Studies show that men are less likely to pay attention to their health than women | Healthier together
June is Men’s Health Month. Dr. James Polo sees it as an opportunity to promote education, awareness and for men to take charge of their overall health.
PORTLAND, Ore. — While men are susceptible to illnesses that can affect anyone, like heart disease, stroke, depression and cancer, studies have shown they’re also less likely to pay attention to their health than the average woman.
“Culturally, men tend to neglect their health,” said Dr. James Polo, executive medical director of Oregon’s Regence BlueCross BlueShield. “They tend to assume they’re fine. They tend to wait until they actually have a problem rather than taking care of themselves ahead of time.
Polo sees Men’s Health Month as an opportunity not only to educate men about their own health, but also to make sure they take control of their health. That, he says, starts with your doctor’s annual visit.
“These annual reviews are really important,” he said. “First, there are key symptoms that you can develop that you won’t know you have unless checked out,” he said.
RELATED: No, Sudden Adult Death Syndrome Is Not Linked To Vaccines
For example, blood pressure. Rising blood pressure is an early symptom of potential heart disease, but you won’t know it because you won’t feel it, Polo said.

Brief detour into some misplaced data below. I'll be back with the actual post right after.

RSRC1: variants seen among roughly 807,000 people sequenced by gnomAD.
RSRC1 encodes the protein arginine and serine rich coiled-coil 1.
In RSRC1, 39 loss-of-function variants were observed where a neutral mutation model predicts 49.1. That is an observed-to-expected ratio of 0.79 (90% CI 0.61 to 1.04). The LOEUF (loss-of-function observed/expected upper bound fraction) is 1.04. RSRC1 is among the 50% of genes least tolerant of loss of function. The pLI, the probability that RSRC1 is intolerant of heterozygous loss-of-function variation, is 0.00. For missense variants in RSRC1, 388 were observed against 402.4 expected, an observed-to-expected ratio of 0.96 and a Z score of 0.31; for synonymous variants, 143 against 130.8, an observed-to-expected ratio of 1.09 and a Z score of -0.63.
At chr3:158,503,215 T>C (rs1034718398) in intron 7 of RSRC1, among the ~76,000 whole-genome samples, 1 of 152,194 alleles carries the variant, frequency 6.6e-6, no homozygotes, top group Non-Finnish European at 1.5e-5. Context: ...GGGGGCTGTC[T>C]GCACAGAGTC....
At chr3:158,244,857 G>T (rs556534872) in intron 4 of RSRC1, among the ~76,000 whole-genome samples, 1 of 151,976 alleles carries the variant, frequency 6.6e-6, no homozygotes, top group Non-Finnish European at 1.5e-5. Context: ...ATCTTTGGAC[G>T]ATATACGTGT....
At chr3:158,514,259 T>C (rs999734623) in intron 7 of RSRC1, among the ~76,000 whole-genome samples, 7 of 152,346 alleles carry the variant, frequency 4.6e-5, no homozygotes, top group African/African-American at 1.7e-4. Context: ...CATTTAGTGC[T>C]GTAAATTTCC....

High cholesterol and high blood sugar are also signs of bigger problems, but you won’t necessarily experience them as a symptom.
“So unless you get those things checked out, you won’t really know that you might have early symptoms where treatments make all the difference,” Polo said.
Annual exams also include cancer screenings for things like colon and prostate cancers, which if caught early can be treated.
“One of the things about cancer these days is that if we can identify it early, more often than not, you can actually cure it,” Polo said. “But if you wait and miss that early diagnosis, sometimes it progresses far enough that you can’t quite cure it.”
Statistics show that, compared to women, men are more likely to drink alcohol and smoke, and to make risky choices. However, many of the health risks that men face can be avoided through a healthy lifestyle, according to Dr. Polo.
This means exercising regularly, eating a healthy diet, not smoking, reducing stress, and keeping alcohol consumption moderate.
RELATED: Impact of climate change on youth mental health examined in OHA report
“Part of the challenge is that very often people don’t maintain consistency of attending exercise over time,” Polo said.
Men need about 150 minutes of exercise per week. That’s 30 minutes of exercise, five days a week, Polo said.
As for a healthy diet, he suggests cutting out fried and processed foods. Eat moderate amounts of red meat and add more poultry and fish instead. Eat whole grains and eat lots of vegetables. Also, limit the amount of alcohol you drink daily. For men, it’s no more than two drinks a day, if at all.